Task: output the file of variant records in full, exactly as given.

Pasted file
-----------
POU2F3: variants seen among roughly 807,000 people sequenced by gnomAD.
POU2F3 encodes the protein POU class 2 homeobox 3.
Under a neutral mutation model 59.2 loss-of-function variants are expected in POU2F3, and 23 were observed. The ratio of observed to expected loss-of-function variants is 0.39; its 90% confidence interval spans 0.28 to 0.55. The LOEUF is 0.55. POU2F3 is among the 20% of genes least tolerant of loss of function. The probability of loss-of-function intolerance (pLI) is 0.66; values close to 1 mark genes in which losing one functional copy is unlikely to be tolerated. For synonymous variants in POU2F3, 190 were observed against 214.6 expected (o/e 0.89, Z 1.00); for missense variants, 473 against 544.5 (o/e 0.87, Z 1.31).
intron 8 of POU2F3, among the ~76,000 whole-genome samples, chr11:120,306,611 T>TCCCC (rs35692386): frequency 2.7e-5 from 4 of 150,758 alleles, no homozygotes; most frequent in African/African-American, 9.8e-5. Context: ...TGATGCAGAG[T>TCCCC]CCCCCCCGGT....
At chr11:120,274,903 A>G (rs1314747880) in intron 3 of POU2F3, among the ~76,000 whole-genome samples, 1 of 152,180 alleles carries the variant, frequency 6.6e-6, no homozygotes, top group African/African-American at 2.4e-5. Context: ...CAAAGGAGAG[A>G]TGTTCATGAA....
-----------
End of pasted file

POU2F3: variants seen among roughly 807,000 people sequenced by gnomAD.
POU2F3 encodes the protein POU class 2 homeobox 3.
Under a neutral mutation model 59.2 loss-of-function variants are expected in POU2F3, and 23 were observed. The ratio of observed to expected loss-of-function variants is 0.39; its 90% confidence interval spans 0.28 to 0.55. The LOEUF is 0.55. POU2F3 is among the 20% of genes least tolerant of loss of function. The probability of loss-of-function intolerance (pLI) is 0.66; values close to 1 mark genes in which losing one functional copy is unlikely to be tolerated. For synonymous variants in POU2F3, 190 were observed against 214.6 expected (o/e 0.89, Z 1.00); for missense variants, 473 against 544.5 (o/e 0.87, Z 1.31).
intron 8 of POU2F3, among the ~76,000 whole-genome samples, chr11:120,306,611 T>TCCCC (rs35692386): frequency 2.7e-5 from 4 of 150,758 alleles, no homozygotes; most frequent in African/African-American, 9.8e-5. Context: ...TGATGCAGAG[T>TCCCC]CCCCCCCGGT....
At chr11:120,274,903 A>G (rs1314747880) in intron 3 of POU2F3, among the ~76,000 whole-genome samples, 1 of 152,180 alleles carries the variant, frequency 6.6e-6, no homozygotes, top group African/African-American at 2.4e-5. Context: ...CAAAGGAGAG[A>G]TGTTCATGAA....